Bill Maher gives his take on #OCCUPYWALLSTREET and Occupy DC (Real Time with Bill Maher, 21 October 2011)
For those of you who are interested, a link was posted earlier this week to this site, which purports to be a working group of the New York City General Assembly (aka Occupy Wall Street at Zuccotti Park).
The site proposes a national convention to take place in Philadelphia on July 4th, 2012, and if the demands listed in a “petition of grievances” are not adopted in a reasonable time, that Occupy Wall Street would propose independent political candidates to run for office in 2014.
This group has not been approved by the General Assembly, nor do they speak for the will of the General Assembly at this time. Anyone concerned with the things they are demanding are encouraged to give them your feedback.
The Young Democratic Socialists endorse the Occupy Wall Street movement and its demand for justice. We join the demonstrators in taking a stand against corporate power and neoliberal politicians. These protests have been condemned in the press as class warfare, but in the words of a protestor on Wall Street, “they only call it class warfare when we fight back.”
We must draw on the great traditions of resistance in our history – the Patriots, the Abolitionists, the Suffragettes, Industrial Unionism, the Civil Rights Movement, and the feminist and LGBT movements – and engage our creative imagination in forming a movement for the 2010s. We must bear witness, but we must moreover build power that can challenge the commanding heights of capitalism, and succeed in changing laws in the people’s favor. We must make demands on the state, and we must win. In the spirit of solidarity, we encourage the movement to demand:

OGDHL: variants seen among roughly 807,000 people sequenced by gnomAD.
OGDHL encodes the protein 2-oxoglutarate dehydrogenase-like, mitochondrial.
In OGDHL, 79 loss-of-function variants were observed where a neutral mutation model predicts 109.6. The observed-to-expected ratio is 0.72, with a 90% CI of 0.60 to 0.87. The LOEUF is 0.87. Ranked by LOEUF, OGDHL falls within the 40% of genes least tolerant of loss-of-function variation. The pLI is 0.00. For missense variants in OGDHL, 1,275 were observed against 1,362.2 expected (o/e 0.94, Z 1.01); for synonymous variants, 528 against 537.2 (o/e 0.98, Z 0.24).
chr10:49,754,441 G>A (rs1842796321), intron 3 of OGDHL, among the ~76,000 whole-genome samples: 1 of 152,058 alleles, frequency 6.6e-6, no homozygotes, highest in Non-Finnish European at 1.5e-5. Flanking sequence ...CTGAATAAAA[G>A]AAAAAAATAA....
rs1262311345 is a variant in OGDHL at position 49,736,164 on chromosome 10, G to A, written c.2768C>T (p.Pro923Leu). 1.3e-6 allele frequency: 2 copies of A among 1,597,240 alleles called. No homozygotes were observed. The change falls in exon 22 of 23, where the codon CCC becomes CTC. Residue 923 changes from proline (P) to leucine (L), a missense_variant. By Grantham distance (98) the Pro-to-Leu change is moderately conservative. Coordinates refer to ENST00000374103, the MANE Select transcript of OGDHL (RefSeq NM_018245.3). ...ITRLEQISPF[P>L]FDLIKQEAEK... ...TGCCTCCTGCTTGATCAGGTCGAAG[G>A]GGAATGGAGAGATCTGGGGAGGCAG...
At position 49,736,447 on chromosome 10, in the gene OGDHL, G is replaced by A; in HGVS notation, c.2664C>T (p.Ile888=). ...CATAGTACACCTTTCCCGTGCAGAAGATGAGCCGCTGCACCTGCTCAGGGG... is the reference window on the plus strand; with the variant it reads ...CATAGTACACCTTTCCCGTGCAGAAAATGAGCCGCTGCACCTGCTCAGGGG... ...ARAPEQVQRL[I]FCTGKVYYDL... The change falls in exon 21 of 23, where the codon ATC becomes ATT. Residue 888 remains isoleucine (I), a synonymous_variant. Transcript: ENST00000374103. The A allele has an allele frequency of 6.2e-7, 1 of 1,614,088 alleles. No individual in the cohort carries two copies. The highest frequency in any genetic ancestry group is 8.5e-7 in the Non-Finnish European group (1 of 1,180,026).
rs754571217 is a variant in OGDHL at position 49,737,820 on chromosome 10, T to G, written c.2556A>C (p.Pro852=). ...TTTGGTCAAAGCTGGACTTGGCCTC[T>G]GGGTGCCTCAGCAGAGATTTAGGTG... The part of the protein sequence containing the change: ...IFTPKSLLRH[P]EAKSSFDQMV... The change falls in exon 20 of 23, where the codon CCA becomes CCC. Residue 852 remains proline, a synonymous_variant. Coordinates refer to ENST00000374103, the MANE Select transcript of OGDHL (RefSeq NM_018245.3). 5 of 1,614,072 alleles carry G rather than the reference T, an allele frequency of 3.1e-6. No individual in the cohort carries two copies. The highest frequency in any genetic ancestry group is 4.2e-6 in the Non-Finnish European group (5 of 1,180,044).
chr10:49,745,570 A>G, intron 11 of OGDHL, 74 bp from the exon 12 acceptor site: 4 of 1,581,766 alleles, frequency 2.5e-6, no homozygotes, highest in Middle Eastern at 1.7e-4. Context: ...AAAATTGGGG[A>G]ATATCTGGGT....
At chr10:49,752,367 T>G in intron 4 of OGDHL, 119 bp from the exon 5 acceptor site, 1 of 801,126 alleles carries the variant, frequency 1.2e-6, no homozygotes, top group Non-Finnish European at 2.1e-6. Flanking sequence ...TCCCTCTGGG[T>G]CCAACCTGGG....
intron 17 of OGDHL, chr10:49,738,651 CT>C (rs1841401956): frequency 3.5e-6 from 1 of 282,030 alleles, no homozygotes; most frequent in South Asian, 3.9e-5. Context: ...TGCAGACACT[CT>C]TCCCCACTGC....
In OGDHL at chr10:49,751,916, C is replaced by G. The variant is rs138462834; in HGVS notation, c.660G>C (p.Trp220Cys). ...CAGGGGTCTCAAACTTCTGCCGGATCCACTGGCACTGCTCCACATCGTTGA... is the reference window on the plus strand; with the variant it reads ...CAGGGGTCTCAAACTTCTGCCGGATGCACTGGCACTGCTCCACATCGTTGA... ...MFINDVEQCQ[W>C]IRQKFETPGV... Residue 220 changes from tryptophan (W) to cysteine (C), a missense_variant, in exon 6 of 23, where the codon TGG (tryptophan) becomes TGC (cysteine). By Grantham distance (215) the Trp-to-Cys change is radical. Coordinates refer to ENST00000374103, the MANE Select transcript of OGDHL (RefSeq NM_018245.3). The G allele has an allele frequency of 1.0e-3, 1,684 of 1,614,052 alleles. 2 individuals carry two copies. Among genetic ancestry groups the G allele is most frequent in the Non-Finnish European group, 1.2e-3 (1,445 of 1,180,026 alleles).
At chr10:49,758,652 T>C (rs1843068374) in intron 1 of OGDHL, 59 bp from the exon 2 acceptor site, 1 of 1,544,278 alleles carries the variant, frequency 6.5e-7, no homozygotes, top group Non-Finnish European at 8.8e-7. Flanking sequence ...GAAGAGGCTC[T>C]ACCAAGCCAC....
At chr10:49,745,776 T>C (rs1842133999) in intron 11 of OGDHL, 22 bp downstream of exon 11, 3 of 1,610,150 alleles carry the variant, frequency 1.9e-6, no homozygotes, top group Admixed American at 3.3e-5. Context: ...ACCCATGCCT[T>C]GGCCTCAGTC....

- A public jobs program
- The nationalization of failed banks
- Medicare for all
- The forgiveness of student debt
- An end to foreclosures
- Substantial investment in clean energy
We can fund these vital public policies if we reverse the Bush and Reagan tax cuts for the top two per cent, restore effective corporate taxation, and end wasteful military spending. And we can only reverse the decline in working people’s standard of living if we restore the democratic right of working people to unionize.
A Moral Focus for Occupy Wall Street
I think it is a good thing that the occupation movement is not making specific policy demands. If it did, the movement would become about those demands. If the demands were not met, the movement would be seen as having failed. […]
Publicize the Public
Tell the truth about The Public, that nobody makes it purely on their own without The Public, that is, without public infrastructure, the justice system, health, education, scientific research, protections of all sorts, public lands, transportation, resources, art and culture, trade policies, safety nets, That is a truth to be told day after day. It is an idea that must take hold in public discourse. It must go beyond what I and others have written about it and beyond what Elizabeth Warren has said in her famous video. The Public is not opposed to The Private. The Public is what makes The Private possible. And it is what makes freedom possible. Wall Street exists only through public support. It has a moral obligation to direct itself to public needs.
All OWS approaches to policy follow from such a moral focus. Here are a handful examples. […]
This movement could be destroyed by negativity, by calls for revenge, by chaos, or by having nothing positive to say. Be positive about all things and state the moral basis of all suggestions. Positive and moral in calling for debt relief. Positive and moral in upholding laws, as they apply to finances. Positive and moral in calling for fairness in acquiring needed revenue. Positive and moral in calling for clean elections. To be effective, your movement must be seen by all of the 99% as positive and moral. To get positive press, you must stress the positive and the moral.
Remember: The Tea Party sees itself as stressing only individual responsibility. The Occupation Movement is stressing both individual and social responsibility.